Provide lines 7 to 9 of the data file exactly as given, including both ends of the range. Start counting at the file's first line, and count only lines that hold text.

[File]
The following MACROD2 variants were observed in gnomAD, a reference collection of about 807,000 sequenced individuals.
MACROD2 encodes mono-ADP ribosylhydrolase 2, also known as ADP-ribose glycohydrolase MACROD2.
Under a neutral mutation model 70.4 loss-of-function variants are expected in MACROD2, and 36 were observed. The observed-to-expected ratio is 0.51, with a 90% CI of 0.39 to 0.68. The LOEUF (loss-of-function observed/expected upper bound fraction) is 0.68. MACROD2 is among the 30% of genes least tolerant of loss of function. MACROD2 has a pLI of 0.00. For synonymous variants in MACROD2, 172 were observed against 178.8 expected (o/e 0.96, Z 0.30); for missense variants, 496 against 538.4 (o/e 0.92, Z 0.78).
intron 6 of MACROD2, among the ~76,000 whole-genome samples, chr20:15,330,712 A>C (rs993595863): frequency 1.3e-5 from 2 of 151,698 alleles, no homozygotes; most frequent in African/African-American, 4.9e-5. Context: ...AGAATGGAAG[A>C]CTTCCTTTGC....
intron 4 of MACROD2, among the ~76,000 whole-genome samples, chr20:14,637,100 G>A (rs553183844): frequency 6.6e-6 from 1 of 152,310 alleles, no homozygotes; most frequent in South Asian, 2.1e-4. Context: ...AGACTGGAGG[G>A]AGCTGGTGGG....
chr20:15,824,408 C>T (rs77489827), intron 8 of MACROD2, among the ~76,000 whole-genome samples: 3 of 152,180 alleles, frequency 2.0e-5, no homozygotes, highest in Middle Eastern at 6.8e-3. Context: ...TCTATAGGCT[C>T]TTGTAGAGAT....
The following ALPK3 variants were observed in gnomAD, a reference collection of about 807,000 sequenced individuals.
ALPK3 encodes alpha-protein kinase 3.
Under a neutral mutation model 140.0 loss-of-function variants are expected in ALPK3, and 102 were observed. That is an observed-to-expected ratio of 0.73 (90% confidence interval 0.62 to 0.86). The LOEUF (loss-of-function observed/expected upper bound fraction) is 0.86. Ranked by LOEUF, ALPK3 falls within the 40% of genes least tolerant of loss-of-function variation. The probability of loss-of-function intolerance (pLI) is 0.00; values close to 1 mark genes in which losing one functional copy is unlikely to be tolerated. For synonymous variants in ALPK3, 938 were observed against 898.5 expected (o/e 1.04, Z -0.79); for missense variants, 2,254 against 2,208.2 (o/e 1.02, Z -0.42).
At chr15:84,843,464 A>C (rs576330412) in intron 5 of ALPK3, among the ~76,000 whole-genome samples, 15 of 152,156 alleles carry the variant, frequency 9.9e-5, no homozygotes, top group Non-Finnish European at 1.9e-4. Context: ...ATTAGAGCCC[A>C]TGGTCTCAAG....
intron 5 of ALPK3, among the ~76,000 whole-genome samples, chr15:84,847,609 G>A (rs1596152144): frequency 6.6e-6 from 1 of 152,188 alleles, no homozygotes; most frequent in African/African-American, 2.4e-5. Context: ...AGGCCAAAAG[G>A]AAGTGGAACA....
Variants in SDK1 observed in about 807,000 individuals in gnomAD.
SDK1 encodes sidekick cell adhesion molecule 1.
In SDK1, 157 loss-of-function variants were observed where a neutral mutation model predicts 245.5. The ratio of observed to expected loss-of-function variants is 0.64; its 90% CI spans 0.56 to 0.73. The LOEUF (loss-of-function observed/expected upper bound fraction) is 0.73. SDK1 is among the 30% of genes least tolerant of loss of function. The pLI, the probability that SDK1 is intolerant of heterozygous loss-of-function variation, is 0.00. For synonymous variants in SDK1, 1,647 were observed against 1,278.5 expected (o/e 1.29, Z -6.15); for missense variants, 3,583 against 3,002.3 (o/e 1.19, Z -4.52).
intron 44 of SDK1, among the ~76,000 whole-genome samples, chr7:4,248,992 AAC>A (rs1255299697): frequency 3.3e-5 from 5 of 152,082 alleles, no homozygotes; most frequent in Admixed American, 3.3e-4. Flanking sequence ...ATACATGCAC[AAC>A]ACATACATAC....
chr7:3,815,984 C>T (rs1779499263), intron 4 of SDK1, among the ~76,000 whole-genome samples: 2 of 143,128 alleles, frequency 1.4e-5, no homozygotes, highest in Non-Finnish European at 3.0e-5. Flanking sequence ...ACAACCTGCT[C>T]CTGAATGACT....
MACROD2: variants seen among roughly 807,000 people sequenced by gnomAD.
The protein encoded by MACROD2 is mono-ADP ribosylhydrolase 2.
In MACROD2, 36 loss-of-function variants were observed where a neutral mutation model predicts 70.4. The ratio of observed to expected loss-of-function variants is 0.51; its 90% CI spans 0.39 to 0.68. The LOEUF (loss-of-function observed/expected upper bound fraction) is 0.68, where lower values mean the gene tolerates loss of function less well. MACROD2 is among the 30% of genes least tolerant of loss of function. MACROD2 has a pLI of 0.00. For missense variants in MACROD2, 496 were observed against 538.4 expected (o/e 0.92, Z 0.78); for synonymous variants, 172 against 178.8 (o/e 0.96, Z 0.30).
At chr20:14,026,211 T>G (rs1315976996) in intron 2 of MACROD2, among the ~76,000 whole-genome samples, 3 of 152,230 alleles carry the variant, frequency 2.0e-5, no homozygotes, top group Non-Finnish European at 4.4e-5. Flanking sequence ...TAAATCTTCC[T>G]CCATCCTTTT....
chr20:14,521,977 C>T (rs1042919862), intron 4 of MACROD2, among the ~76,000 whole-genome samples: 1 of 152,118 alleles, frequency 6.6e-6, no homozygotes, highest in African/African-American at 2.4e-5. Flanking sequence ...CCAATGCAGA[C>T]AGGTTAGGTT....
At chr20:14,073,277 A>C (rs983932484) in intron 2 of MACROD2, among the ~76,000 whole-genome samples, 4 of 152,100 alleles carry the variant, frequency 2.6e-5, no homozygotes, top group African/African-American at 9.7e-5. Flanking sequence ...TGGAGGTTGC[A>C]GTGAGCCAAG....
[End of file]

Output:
The following ALPK3 variants were observed in gnomAD, a reference collection of about 807,000 sequenced individuals.
ALPK3 encodes alpha-protein kinase 3.
Under a neutral mutation model 140.0 loss-of-function variants are expected in ALPK3, and 102 were observed. That is an observed-to-expected ratio of 0.73 (90% confidence interval 0.62 to 0.86). The LOEUF (loss-of-function observed/expected upper bound fraction) is 0.86. Ranked by LOEUF, ALPK3 falls within the 40% of genes least tolerant of loss-of-function variation. The probability of loss-of-function intolerance (pLI) is 0.00; values close to 1 mark genes in which losing one functional copy is unlikely to be tolerated. For synonymous variants in ALPK3, 938 were observed against 898.5 expected (o/e 1.04, Z -0.79); for missense variants, 2,254 against 2,208.2 (o/e 1.02, Z -0.42).